Journal Reference:

  1. Virender K Rehan, Jie Liu, Erum Naeem, Jia Tian, Reiko Sakurai, Kenny Kwong, Omid Akbari and John S Torday. Perinatal nicotine exposure induces asthma in second generation offspring. BMC Medicine, 2012 DOI: 10.1186/1741-7015-10-129

Cite This Page:

BioMed Central Limited. "Smoking causes asthma in second generation offspring, study shows." ScienceDaily. ScienceDaily, 30 October 2012. <www.sciencedaily.com/releases/2012/10/121030062204.htm>.
BioMed Central Limited. (2012, October 30). Smoking causes asthma in second generation offspring, study shows. ScienceDaily. Retrieved March 30, 2015 from www.sciencedaily.com/releases/2012/10/121030062204.htm
BioMed Central Limited. "Smoking causes asthma in second generation offspring, study shows." ScienceDaily. www.sciencedaily.com/releases/2012/10/121030062204.htm (accessed March 30, 2015).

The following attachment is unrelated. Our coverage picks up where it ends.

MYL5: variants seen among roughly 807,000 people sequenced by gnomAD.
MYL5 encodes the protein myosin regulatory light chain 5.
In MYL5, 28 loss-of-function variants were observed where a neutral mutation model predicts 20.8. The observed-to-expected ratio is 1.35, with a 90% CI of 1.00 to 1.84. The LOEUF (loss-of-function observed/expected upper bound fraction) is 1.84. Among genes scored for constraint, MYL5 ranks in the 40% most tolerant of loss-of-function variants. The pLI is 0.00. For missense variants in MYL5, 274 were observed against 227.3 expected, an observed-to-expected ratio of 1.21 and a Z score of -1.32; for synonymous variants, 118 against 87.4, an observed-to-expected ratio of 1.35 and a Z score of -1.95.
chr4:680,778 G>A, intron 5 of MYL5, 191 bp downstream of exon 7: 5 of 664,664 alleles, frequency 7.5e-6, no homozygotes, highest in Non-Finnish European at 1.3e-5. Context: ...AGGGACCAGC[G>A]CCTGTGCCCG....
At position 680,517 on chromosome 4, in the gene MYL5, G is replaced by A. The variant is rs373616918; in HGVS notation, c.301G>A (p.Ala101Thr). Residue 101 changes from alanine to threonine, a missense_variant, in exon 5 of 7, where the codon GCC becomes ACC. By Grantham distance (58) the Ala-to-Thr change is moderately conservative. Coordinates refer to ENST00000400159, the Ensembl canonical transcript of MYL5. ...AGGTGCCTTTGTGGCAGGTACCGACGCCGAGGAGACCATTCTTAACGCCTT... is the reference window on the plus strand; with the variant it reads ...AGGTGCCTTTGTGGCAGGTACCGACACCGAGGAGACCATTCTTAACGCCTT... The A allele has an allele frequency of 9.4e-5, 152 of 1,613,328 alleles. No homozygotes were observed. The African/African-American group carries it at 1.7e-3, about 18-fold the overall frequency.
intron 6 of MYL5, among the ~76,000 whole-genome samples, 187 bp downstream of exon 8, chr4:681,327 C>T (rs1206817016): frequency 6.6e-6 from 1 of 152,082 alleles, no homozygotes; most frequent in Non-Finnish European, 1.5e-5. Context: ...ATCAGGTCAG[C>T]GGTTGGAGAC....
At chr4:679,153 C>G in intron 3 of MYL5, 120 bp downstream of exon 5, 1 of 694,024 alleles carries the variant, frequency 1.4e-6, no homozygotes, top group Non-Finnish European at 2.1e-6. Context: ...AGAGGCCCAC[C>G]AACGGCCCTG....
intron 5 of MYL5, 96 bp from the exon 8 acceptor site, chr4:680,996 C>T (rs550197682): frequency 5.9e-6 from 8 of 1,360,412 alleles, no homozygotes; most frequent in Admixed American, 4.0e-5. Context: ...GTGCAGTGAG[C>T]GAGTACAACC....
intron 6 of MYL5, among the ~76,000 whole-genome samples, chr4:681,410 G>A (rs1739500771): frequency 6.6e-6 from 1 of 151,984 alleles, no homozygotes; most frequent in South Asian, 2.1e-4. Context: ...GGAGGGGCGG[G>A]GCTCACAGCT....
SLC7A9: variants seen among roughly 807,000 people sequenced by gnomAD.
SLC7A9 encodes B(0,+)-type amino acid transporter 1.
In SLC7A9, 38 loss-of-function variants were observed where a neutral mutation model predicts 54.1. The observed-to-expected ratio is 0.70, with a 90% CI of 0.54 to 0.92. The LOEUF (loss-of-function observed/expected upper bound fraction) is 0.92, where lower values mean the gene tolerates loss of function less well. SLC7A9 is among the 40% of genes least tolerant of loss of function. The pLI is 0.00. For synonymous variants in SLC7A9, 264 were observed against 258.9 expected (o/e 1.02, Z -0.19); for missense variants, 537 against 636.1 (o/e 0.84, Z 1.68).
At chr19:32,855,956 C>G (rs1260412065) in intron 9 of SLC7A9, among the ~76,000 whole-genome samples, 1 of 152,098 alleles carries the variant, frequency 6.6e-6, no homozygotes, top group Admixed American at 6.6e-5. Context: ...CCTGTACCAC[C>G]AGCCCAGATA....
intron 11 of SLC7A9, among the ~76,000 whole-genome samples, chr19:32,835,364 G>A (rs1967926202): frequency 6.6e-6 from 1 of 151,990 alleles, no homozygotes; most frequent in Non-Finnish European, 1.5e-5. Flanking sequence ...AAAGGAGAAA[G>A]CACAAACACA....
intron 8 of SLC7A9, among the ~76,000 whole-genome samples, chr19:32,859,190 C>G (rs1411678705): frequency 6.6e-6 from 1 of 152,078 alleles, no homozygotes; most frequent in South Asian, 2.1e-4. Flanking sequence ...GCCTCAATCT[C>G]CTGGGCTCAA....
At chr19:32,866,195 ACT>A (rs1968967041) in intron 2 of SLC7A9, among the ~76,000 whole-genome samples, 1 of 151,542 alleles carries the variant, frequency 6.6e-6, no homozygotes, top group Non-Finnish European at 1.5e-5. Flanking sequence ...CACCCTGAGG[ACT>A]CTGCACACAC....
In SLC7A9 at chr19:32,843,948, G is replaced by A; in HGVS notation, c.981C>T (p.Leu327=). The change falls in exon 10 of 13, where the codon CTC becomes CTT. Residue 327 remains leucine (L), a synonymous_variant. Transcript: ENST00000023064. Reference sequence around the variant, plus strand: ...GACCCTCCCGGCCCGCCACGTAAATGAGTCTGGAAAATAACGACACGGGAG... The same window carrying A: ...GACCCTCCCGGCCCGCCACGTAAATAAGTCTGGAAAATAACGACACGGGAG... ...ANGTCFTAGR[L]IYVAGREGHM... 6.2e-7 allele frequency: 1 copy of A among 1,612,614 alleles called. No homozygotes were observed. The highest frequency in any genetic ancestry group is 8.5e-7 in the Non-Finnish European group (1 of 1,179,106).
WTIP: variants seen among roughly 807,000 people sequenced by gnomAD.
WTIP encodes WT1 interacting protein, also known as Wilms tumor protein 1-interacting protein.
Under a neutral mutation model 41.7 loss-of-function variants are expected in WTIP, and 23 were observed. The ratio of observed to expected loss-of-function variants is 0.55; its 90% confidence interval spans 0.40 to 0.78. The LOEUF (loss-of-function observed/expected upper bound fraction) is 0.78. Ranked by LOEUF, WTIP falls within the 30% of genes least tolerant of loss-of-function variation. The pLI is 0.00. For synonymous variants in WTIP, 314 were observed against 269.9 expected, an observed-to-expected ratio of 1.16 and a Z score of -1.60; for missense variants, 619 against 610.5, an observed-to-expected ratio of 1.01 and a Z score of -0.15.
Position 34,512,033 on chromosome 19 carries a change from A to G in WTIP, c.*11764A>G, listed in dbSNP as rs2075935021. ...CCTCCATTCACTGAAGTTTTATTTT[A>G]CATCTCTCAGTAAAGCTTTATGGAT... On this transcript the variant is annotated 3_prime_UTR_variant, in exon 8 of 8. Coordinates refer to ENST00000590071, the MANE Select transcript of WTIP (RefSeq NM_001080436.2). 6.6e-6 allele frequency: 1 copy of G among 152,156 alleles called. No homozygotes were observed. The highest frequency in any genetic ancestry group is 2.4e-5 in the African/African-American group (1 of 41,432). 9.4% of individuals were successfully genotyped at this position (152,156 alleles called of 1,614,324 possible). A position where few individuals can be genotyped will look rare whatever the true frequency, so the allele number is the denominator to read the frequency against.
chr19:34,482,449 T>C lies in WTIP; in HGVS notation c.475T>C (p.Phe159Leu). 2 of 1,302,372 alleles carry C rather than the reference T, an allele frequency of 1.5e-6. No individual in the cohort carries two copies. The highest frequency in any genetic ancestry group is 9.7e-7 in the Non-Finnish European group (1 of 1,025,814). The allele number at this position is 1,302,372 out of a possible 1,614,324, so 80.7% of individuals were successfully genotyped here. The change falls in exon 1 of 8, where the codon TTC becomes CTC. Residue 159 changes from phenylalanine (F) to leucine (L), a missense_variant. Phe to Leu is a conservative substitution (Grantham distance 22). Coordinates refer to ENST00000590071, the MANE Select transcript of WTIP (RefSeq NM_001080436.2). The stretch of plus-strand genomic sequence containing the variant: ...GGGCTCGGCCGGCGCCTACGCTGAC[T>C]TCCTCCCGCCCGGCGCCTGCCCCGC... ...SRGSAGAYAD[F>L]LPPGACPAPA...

Share This


More From ScienceDaily



More Health & Medicine News

Monday, March 30, 2015

Featured Research

from universities, journals, and other organizations


Featured Videos

from AP, Reuters, AFP, and other news services

S. Leone in New Anti-Ebola Lockdown

S. Leone in New Anti-Ebola Lockdown

AFP (Mar. 28, 2015) Sierra Leone imposed a three-day nationwide lockdown Friday for the second time in six months in a bid to prevent a resurgence of the deadly Ebola virus. Duration: 01:17 Video provided by AFP
Powered by NewsLook.com
These Popular Antibiotics Can Cause Permanent Nerve Damage

These Popular Antibiotics Can Cause Permanent Nerve Damage

Newsy (Mar. 27, 2015) A popular class of antibiotic can leave patients in severe pain and even result in permanent nerve damage. Video provided by Newsy